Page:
My nameless friend and I, who incidentally has Punjabi Sikh roots, refer to this guru as The Dude. His right palm is always held up in that serene gesture. Whenever we see his picture we say the same thing. “The Dude,” we say, “says: Chill.”
(The above being the subject line of a porn spam missive from one Ignorance J. Puckish.)
I’ve been thinking about Sekou Sundiata, my old poetry teacher at Lang.
When I went to school, all I was interested in was becoming a performer and a songwriter. There’s no school that offers a genuine curriculum in what I wanted to eventually do for a living, so I had to cobble together my own, moving to New York to play open mic nights, taking poetry and theater classes at Lang. I jerry-rigged my own sort of conservatory.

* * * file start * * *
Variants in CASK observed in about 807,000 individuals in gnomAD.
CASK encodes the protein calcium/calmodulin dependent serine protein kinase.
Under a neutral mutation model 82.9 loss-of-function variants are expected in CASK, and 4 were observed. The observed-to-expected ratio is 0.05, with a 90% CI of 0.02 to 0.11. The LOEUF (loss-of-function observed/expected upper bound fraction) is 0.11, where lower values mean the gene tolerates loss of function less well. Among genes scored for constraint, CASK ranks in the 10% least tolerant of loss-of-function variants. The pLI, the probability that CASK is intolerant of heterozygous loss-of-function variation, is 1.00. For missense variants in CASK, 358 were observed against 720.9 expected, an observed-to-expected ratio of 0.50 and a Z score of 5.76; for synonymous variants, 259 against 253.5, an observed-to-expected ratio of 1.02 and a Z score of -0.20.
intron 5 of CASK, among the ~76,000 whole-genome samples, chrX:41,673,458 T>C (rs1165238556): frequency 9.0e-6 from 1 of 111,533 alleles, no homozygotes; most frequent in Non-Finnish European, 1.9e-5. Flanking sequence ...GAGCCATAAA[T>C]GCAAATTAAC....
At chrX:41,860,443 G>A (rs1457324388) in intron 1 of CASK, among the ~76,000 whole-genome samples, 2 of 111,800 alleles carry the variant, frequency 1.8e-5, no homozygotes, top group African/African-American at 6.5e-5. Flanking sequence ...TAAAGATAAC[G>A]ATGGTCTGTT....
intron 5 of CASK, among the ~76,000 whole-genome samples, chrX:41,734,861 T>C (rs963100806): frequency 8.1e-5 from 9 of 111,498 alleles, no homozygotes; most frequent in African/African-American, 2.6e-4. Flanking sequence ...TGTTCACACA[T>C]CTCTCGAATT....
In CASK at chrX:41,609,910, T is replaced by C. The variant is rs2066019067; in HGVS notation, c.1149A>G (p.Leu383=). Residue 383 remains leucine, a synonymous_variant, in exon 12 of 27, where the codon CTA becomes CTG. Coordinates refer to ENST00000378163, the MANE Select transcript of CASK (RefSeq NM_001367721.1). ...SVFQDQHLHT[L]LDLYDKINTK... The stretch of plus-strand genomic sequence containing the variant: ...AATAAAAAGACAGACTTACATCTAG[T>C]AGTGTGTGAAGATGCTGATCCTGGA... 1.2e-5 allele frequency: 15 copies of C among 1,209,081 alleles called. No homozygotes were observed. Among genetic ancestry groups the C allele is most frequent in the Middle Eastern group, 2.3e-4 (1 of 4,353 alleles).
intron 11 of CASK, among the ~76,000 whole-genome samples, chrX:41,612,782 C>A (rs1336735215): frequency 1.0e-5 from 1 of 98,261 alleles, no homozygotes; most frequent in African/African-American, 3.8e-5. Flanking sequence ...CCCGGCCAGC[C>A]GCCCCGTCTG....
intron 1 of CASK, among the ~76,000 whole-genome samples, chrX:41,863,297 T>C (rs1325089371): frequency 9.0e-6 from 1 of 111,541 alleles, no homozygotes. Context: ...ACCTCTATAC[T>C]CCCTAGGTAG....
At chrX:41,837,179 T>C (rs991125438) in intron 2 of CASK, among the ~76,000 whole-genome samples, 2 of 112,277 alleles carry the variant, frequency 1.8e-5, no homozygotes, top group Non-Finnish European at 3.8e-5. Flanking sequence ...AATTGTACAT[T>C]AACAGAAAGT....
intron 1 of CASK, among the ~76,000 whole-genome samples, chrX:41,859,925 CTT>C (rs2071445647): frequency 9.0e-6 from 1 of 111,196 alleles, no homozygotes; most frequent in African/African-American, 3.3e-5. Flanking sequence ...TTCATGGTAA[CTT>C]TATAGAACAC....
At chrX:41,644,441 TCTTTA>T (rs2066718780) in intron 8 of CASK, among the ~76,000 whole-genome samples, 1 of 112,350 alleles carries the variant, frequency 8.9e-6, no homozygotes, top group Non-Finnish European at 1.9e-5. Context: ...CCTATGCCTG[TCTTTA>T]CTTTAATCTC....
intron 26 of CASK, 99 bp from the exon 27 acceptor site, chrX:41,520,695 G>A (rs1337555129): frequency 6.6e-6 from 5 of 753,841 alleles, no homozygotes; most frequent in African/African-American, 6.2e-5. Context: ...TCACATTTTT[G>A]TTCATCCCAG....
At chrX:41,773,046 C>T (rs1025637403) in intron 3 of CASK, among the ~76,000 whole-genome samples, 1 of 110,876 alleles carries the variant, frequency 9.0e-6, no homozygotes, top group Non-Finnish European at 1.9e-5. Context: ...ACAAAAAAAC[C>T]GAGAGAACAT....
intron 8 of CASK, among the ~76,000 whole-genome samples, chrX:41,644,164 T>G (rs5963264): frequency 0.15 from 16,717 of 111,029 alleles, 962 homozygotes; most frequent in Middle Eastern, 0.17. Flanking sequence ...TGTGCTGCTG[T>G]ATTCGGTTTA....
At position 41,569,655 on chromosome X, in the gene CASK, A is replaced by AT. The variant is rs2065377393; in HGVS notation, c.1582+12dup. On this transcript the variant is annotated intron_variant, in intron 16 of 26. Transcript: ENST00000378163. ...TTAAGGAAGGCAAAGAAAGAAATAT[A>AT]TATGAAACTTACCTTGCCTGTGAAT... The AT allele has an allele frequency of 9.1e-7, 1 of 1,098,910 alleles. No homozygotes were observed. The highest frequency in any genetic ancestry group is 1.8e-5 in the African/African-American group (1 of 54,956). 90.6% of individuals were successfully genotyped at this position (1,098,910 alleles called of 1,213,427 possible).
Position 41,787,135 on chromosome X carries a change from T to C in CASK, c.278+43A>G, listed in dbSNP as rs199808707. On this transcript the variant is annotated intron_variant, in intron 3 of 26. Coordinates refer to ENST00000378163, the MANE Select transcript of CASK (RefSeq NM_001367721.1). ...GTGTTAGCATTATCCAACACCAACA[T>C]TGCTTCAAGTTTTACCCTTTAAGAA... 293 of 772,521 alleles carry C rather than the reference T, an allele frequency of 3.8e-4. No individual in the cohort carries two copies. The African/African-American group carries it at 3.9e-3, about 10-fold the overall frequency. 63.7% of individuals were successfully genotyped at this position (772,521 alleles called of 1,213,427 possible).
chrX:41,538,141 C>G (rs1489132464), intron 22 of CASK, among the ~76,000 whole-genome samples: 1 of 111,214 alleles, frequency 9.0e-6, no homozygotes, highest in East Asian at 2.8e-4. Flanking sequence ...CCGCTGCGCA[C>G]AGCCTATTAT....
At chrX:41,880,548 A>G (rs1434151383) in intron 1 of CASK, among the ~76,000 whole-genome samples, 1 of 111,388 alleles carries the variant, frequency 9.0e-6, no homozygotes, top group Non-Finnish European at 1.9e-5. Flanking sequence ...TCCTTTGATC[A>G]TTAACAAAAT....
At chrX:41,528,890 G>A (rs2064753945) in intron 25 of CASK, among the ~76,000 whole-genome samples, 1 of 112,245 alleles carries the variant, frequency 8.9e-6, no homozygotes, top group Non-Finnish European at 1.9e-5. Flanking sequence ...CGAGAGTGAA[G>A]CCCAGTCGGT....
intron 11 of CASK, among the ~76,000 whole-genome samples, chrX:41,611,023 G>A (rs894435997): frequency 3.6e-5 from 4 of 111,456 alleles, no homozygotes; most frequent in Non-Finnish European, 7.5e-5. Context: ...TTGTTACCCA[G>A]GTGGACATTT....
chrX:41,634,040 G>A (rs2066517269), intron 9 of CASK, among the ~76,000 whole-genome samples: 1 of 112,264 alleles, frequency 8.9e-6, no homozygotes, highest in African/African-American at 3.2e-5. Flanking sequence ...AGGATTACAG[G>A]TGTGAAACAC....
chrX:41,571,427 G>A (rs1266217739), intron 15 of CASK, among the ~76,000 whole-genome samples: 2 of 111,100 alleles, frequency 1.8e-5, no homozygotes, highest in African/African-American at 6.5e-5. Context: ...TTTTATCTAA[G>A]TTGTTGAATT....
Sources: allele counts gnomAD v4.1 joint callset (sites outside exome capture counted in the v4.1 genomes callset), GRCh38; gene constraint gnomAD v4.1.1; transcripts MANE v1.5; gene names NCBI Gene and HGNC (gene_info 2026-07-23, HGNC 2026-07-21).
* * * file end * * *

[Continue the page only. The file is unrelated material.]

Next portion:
Sometimes I fantasize that if I hadn’t been so single-minded and obsessed with becoming a songwriter, I might have not had abysmal grades, and might have ended up at Brown or Vassar, and actually gotten myself a liberal arts education. Of course, I realize that there’s no gift an adolescent can have greater than a feeling of purpose, a place one is burning to get to, so I’m grateful for my luck.
And had I not ended up at Lang, I wouldn’t have studied with Sekou Sundiata, a guy who impacted my life immeasurably. He taught a poetry class called “The Shape and Nature of Things to Come.” I’ve applied what I learned from him to every part of my creative life. I was taking the D train home early this morning, and I thought up a list of the things he taught that have most resonated in my life.
You work for the poem, the poem doesn’t work for you. So you have to listen for what it wants to be. “You’re trying to build a house,” he said in a class once, “and sometimes the poem says, ‘I’m not a house, I’m a bird.'”